What Is Jaundice?
Jaundice or also known as hyperbilirubinemia), which is characterized by the color of the skin and eyes of a newborn, especially in the first or second week of yellow color. Jaundice occurs because babies are born with more red blood cells than they need. When the liver is damaged the excess cells produce a yellow pigment called bilirubin. Because a newborn’s immature liver cannot get rid of bilirubin quickly, excess yellow pigment is deposited in the eyes and skin of the newborn.
This type of jaundice is called physiological jaundice, because it is part of normal bodily processes. After the newborn’s discharge bilirubin system matures and the excess red blood cells are reduced, jaundice usually subsides within a week or two and leaves the baby harmless. Jaundice is more common in premature babies, who are less able to cope with excess bilirubin. (Read: Yellow Baby, Recognize and Beware )
In some situations, such as blood group incompatibility between mother and baby, jaundice may result from problems that go beyond the normal breakdown of excessive red blood cells. In rare cases, the bilirubin level can rise high enough to damage the baby’s brain. For this reason, if a health care provider suspects that something more than normal physiological jaundice is the cause of the baby’s yellow color, the bilirubin level will be monitored more closely, using a blood sample. If the bilirubin level is too high, the doctor may try to lower the bilirubin level using phototherapy, a special lamp that dissolves extra bilirubin in the skin, which allows it to be excreted in the urine.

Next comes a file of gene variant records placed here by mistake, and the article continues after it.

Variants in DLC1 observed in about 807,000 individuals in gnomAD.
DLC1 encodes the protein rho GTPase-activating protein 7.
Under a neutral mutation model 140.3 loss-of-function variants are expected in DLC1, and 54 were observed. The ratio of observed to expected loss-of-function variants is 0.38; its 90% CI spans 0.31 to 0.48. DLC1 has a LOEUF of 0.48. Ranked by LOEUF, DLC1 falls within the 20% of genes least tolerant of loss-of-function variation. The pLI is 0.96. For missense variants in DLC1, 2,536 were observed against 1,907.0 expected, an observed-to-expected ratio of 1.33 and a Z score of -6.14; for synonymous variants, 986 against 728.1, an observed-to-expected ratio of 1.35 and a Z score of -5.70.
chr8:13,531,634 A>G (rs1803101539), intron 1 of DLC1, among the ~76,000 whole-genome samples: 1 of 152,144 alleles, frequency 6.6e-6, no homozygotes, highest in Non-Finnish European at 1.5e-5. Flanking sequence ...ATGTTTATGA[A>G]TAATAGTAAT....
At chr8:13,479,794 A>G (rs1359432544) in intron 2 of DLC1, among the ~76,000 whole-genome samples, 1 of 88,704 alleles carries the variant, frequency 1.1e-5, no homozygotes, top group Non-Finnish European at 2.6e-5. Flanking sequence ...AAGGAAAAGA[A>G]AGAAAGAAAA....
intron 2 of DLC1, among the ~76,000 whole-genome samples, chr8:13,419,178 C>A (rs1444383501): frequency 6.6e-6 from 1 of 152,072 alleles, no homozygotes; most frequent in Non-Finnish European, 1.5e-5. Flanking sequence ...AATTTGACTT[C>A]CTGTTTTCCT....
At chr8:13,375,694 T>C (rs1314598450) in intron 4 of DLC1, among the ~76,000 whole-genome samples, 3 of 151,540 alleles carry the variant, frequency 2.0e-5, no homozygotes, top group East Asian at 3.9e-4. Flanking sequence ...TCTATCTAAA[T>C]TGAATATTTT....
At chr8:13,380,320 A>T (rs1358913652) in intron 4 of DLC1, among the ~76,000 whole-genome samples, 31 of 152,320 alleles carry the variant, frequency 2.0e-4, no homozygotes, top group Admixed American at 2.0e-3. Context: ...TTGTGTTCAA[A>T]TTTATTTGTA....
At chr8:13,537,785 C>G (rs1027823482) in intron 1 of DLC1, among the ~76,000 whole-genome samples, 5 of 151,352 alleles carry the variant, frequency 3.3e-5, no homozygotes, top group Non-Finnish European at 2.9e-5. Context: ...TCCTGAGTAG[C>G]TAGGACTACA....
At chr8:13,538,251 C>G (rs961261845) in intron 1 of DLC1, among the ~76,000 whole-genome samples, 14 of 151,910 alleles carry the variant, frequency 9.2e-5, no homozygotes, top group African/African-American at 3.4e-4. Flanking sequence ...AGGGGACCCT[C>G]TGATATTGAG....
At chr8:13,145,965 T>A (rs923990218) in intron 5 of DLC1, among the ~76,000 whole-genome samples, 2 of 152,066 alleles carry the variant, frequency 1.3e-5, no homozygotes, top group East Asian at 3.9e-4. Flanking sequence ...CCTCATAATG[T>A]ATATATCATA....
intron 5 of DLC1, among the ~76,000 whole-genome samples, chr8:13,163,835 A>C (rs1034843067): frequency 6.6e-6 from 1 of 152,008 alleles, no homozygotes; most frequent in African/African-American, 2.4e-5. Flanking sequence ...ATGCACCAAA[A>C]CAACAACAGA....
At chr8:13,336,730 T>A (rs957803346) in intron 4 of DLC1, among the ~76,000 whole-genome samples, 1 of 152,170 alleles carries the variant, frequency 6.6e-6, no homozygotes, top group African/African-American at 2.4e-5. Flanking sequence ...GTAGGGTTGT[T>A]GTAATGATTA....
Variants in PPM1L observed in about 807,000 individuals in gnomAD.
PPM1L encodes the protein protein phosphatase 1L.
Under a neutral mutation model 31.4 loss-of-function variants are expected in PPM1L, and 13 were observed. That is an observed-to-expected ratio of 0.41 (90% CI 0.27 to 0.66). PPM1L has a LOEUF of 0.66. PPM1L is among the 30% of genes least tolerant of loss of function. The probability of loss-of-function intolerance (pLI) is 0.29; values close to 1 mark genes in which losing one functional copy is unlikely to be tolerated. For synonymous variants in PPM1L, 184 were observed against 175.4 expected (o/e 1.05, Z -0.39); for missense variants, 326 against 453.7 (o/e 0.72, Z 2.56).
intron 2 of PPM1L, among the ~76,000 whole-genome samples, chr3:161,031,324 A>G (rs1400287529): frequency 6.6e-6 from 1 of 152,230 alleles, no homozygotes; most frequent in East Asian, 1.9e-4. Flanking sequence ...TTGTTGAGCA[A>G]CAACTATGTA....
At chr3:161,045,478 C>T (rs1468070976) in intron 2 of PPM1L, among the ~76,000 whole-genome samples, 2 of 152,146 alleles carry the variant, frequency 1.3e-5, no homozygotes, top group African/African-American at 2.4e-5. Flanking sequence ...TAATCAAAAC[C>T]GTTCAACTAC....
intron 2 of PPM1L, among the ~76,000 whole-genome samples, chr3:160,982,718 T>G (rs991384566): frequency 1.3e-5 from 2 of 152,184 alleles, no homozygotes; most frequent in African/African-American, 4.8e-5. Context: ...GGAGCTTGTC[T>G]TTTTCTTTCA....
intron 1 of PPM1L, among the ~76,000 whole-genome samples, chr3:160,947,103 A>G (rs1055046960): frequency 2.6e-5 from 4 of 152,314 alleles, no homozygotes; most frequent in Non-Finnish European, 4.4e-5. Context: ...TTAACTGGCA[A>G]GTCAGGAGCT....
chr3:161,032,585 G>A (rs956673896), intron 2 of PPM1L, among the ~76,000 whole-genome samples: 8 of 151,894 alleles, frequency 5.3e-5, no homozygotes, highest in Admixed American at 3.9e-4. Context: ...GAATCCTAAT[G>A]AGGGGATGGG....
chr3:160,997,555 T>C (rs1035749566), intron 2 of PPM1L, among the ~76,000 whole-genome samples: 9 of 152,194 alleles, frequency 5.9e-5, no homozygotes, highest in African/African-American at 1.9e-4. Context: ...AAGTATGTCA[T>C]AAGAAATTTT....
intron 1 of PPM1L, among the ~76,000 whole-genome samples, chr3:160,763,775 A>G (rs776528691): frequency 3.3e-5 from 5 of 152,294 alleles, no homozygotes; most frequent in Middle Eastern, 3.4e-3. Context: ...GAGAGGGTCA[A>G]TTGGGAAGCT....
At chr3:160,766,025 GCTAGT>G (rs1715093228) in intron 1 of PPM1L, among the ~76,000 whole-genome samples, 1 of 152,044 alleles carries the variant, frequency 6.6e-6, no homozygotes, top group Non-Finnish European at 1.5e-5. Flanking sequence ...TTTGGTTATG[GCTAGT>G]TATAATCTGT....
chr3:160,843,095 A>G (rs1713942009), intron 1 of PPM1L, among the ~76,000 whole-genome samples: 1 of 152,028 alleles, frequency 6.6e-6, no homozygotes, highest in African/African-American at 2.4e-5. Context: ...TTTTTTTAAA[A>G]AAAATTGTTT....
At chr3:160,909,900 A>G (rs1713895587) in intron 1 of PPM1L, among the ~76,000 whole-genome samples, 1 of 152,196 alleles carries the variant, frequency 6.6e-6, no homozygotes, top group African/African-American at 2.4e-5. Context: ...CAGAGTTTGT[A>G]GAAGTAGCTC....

Why Does Jaundice Cause Breastfeeding Problems?
Bilirubin levels were 2-3 milligrams higher on average in breastfed babies than in formula-fed babies (14.8 milligrams versus 12.4 milligrams). This difference is thought to be due to an unidentified factor in breast milk that promotes increased intestinal uptake of bilirubin, thereby returning it to the bloodstream rather than moving to the liver. Higher rates of jaundice in breastfed babies can also be related to lower milk intake in the first days after birth, due to sparse or inefficient feeding. It is common for jaundice to last a little longer in breastfeeding the baby, sometimes until the third week after birth.
While most newborn jaundice is harmless, common medical remedies for jaundice can interfere with getting breast milk off to a good start. Therefore, health care providers and parents should be careful about treating a condition where drugs can create more problems than disease.
In most cases, there is no need to treat jaundice when the bilirubin level is less than 20 milligrams. Most yellow babies do not need to supplement water, sugar water or formula milk. Avoiding breastfeeding for a day or two is not usually necessary to lower bilirubin levels. As long as your baby is healthy, jaundice won’t do any harm. If your baby’s jaundice is related to other health problems, breast milk can help to keep up with the baby’s nutritional needs.
What To Do With Yellow Babies?